Proved vs Proven
Many language users mistakenly exchange proven for proved in contexts where they actually needed to have used proved.
This error keeps recurring among many language users.
Let us cease this opportunity to learn how to use both words correctly, however, it is important we learn the meaning and word classes of both words before we proceed with how we can use them correctly in sentences.
Proved: this word is a verb. It is the past and past participle form of prove.
To demonstrate something is true or viable. Usage; The lady proved that the man is a thief.
To manifest, or to turn out. Usage; This task proved to be difficult.
Note; The meaning of the word is culled from android soft copy dictionary.
Proven; This word is an adjective.
Having been proved, having proved its value, truth.
Usage; What he said is a proven reality.
Usage of Proved
We use proved in two types of tenses in English;
i. Simple past tense
ii. Perfect tense aspect
When we want to demonstrate something is true, viable or give a proof in the past, we use Proved, as it is the past form of Prove.
i. I proved the man wrong yesterday.
ii. Ibrahim proved the teacher was right last year.
iii. Malaria proved to be a dangerous disease.
Perfect tense aspect
Perfect tense aspect refers to a verb form indicating that an action or state has been completed at the present time, in the past, or will be completed in the future. The perfect tense aspect is characterised by the verbal structure;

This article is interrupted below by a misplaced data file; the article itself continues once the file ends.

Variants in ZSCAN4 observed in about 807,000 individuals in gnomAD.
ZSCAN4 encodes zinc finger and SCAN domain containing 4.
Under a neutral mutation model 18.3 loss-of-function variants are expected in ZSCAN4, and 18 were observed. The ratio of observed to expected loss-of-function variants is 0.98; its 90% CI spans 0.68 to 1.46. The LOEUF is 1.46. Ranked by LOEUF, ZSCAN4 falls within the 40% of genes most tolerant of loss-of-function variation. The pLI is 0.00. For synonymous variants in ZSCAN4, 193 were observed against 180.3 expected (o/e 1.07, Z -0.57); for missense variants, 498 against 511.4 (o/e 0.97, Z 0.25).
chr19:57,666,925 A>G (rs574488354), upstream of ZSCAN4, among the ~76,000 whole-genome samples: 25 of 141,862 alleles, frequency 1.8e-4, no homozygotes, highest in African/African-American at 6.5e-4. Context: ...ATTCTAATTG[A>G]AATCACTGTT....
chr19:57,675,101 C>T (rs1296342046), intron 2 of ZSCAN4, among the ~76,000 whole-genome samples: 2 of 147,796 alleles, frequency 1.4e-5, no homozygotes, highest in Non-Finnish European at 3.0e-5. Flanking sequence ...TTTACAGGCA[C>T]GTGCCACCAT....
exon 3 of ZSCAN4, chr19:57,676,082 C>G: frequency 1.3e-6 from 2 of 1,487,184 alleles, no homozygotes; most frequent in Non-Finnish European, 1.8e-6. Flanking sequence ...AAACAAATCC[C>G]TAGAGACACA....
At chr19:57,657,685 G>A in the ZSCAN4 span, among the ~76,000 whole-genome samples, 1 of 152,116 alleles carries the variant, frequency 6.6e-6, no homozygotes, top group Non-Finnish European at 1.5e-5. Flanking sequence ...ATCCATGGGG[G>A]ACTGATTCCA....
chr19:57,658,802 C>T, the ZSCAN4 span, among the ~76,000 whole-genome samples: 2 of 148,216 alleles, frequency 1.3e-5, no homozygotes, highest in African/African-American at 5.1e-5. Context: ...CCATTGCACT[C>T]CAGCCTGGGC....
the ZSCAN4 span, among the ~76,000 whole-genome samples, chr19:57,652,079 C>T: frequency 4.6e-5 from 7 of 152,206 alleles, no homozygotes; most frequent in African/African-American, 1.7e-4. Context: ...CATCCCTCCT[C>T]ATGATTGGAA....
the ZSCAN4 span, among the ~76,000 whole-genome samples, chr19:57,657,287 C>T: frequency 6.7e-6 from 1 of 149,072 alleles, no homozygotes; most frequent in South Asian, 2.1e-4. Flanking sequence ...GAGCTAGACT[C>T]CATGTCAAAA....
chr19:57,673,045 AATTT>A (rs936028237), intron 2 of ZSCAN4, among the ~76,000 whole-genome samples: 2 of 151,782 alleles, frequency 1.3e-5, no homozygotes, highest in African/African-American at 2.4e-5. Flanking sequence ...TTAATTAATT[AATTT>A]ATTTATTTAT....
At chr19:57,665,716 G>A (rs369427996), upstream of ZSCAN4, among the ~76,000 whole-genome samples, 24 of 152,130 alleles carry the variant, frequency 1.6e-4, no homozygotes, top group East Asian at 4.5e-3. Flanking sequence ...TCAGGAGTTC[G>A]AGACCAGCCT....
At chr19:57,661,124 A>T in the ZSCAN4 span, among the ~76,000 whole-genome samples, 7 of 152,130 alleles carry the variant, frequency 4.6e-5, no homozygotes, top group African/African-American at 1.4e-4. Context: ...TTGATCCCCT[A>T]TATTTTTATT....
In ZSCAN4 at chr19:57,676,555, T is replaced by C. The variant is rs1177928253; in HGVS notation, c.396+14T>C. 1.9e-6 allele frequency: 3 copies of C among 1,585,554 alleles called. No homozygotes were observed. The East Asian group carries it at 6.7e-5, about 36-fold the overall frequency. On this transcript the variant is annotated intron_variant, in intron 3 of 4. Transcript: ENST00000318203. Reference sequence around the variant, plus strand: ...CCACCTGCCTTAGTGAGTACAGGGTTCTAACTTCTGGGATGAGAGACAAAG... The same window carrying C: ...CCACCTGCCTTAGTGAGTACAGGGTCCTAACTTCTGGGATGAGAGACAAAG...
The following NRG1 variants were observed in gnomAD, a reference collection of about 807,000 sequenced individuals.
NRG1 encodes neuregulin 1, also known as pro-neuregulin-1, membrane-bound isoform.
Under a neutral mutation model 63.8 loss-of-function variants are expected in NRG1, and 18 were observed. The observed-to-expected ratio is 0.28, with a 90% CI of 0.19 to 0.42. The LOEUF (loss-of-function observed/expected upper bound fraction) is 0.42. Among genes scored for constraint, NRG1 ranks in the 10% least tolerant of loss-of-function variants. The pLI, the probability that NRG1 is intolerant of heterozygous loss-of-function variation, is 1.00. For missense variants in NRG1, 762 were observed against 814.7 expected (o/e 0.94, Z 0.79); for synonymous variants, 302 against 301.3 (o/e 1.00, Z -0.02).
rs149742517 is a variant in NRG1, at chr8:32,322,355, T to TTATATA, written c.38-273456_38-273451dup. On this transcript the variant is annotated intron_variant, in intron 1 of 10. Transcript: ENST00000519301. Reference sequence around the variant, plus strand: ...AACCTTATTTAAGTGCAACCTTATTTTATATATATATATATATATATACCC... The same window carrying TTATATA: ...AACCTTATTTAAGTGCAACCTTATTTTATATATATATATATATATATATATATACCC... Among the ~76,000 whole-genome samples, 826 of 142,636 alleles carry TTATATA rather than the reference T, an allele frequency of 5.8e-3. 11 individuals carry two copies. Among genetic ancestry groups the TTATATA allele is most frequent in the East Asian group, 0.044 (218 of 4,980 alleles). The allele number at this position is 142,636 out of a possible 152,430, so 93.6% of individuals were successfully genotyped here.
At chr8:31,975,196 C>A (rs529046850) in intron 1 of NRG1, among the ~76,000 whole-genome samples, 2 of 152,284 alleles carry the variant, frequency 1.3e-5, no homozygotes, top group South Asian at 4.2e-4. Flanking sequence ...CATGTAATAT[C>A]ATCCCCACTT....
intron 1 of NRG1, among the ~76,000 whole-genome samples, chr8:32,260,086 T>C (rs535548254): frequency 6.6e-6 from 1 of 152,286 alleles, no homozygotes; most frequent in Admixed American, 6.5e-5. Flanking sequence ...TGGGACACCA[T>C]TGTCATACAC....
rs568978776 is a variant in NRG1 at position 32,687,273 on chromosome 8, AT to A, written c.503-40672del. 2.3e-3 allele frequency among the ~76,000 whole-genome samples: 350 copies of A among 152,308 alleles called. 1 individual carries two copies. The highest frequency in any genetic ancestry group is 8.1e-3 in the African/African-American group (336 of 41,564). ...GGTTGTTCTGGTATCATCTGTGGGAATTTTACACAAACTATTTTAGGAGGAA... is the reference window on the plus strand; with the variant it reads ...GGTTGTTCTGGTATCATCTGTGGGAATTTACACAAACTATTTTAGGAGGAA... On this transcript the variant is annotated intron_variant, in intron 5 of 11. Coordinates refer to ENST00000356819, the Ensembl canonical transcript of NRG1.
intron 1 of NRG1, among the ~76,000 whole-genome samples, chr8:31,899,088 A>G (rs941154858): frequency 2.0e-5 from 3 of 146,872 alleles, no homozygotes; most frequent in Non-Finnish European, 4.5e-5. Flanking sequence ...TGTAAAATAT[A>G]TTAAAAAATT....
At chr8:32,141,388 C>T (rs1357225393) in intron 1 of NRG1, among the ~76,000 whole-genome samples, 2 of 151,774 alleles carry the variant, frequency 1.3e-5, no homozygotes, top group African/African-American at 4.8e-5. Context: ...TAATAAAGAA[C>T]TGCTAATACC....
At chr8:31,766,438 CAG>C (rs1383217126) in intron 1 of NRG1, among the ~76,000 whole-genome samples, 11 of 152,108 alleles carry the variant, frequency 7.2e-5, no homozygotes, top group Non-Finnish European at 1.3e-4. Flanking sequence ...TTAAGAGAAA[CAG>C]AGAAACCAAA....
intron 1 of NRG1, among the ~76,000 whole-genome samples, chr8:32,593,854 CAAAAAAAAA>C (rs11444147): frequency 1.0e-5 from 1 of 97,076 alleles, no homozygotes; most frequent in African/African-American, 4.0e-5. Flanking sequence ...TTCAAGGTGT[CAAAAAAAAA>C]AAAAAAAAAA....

has/have/had + past participle form of a verb.
Even though, there are other verbal structures, we will concentrate on this one for the purpose of the current discourse.
A difficulty arise among language users when any form of the auxiliary verb HAVE is used and the verb PROVE is to follow, many think that the past participle form of PROVE is PROVEN as in other irregular forms such as; do – done, write – written etc. The past participle form of PROVE is actually PROVED, this verb is a regular verb. So when we use any form of HAVE, the verb PROVED must follow and not PROVEN.
Wrong; My student has *proven me wrong.
Correct; My student has proved me wrong.
Wrong; Nasara has proven to be difficult.
Correct; Nasara has proved to be difficult.
Wrong; We have proven to be good students.
Correct; We have proved to be good students.
It can also be used in the passive voice where the past form of BE is used before it.
So we will have the verbal structure; was/were + proved.
Wrong; The teacher was proven wrong.
Correct; The teacher was proved wrong.
Wrong; The men were proven to be thieves.
Correct; The men were proved to be thieves.
Usage of Proven
PROVEN is an adjective that is used attributively, that is, it can only be used as a modifier before a noun, but it can not form part of a verb phrase structure.
a. There are several proven methods of teaching Language.
b. Corruption is a proven enemy to development.
c. It is a proven fact that language teaching must be practicalised.
Note; Under no circumstance should PROVEN be used as part of a verb phrase structure. It is an adjective, and not a verb. It used to be a verb during the middle English period, but per modern and current conventions, it is an adjective.